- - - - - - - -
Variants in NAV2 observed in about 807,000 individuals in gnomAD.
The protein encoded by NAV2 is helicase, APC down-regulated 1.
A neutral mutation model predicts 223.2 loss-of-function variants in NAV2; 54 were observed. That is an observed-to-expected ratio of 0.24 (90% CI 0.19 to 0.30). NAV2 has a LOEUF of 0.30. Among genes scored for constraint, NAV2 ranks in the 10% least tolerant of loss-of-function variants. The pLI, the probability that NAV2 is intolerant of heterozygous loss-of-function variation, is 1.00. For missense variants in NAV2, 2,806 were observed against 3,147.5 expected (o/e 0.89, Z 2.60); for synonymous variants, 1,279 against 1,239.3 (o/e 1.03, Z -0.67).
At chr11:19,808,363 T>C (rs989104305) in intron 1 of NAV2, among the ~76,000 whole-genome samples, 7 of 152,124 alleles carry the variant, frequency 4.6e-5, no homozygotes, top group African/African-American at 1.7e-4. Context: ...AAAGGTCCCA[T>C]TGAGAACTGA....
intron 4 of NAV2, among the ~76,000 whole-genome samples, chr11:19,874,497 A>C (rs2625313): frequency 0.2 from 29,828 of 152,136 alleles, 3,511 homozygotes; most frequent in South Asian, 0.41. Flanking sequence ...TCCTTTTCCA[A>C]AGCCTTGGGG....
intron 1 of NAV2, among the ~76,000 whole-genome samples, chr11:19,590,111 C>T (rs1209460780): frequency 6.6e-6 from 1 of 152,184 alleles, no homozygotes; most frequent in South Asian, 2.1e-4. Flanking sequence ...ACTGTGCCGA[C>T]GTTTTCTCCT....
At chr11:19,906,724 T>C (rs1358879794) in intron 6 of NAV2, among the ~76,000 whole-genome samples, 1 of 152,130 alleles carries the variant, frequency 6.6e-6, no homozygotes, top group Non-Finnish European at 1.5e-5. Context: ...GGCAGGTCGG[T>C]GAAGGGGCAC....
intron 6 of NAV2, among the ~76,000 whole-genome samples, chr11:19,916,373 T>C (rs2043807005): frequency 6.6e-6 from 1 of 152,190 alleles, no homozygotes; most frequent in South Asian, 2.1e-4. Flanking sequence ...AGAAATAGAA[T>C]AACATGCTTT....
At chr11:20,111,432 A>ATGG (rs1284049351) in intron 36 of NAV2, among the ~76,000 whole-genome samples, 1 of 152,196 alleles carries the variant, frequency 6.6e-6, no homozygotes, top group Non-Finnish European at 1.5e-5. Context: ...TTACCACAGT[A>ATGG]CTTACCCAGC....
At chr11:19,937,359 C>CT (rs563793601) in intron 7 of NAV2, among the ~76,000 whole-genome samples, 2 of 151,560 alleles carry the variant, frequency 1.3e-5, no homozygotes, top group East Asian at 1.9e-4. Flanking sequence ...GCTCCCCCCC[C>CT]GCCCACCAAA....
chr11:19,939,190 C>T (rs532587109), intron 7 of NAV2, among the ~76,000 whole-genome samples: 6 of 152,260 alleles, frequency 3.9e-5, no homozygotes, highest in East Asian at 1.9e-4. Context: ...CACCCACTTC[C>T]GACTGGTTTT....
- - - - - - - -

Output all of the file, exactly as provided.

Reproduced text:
Variants in NAV2 observed in about 807,000 individuals in gnomAD.
The protein encoded by NAV2 is helicase, APC down-regulated 1.
A neutral mutation model predicts 223.2 loss-of-function variants in NAV2; 54 were observed. That is an observed-to-expected ratio of 0.24 (90% CI 0.19 to 0.30). NAV2 has a LOEUF of 0.30. Among genes scored for constraint, NAV2 ranks in the 10% least tolerant of loss-of-function variants. The pLI, the probability that NAV2 is intolerant of heterozygous loss-of-function variation, is 1.00. For missense variants in NAV2, 2,806 were observed against 3,147.5 expected (o/e 0.89, Z 2.60); for synonymous variants, 1,279 against 1,239.3 (o/e 1.03, Z -0.67).
At chr11:19,808,363 T>C (rs989104305) in intron 1 of NAV2, among the ~76,000 whole-genome samples, 7 of 152,124 alleles carry the variant, frequency 4.6e-5, no homozygotes, top group African/African-American at 1.7e-4. Context: ...AAAGGTCCCA[T>C]TGAGAACTGA....
intron 4 of NAV2, among the ~76,000 whole-genome samples, chr11:19,874,497 A>C (rs2625313): frequency 0.2 from 29,828 of 152,136 alleles, 3,511 homozygotes; most frequent in South Asian, 0.41. Flanking sequence ...TCCTTTTCCA[A>C]AGCCTTGGGG....
intron 1 of NAV2, among the ~76,000 whole-genome samples, chr11:19,590,111 C>T (rs1209460780): frequency 6.6e-6 from 1 of 152,184 alleles, no homozygotes; most frequent in South Asian, 2.1e-4. Flanking sequence ...ACTGTGCCGA[C>T]GTTTTCTCCT....
At chr11:19,906,724 T>C (rs1358879794) in intron 6 of NAV2, among the ~76,000 whole-genome samples, 1 of 152,130 alleles carries the variant, frequency 6.6e-6, no homozygotes, top group Non-Finnish European at 1.5e-5. Context: ...GGCAGGTCGG[T>C]GAAGGGGCAC....
intron 6 of NAV2, among the ~76,000 whole-genome samples, chr11:19,916,373 T>C (rs2043807005): frequency 6.6e-6 from 1 of 152,190 alleles, no homozygotes; most frequent in South Asian, 2.1e-4. Flanking sequence ...AGAAATAGAA[T>C]AACATGCTTT....
At chr11:20,111,432 A>ATGG (rs1284049351) in intron 36 of NAV2, among the ~76,000 whole-genome samples, 1 of 152,196 alleles carries the variant, frequency 6.6e-6, no homozygotes, top group Non-Finnish European at 1.5e-5. Context: ...TTACCACAGT[A>ATGG]CTTACCCAGC....
At chr11:19,937,359 C>CT (rs563793601) in intron 7 of NAV2, among the ~76,000 whole-genome samples, 2 of 151,560 alleles carry the variant, frequency 1.3e-5, no homozygotes, top group East Asian at 1.9e-4. Flanking sequence ...GCTCCCCCCC[C>CT]GCCCACCAAA....
chr11:19,939,190 C>T (rs532587109), intron 7 of NAV2, among the ~76,000 whole-genome samples: 6 of 152,260 alleles, frequency 3.9e-5, no homozygotes, highest in East Asian at 1.9e-4. Context: ...CACCCACTTC[C>T]GACTGGTTTT....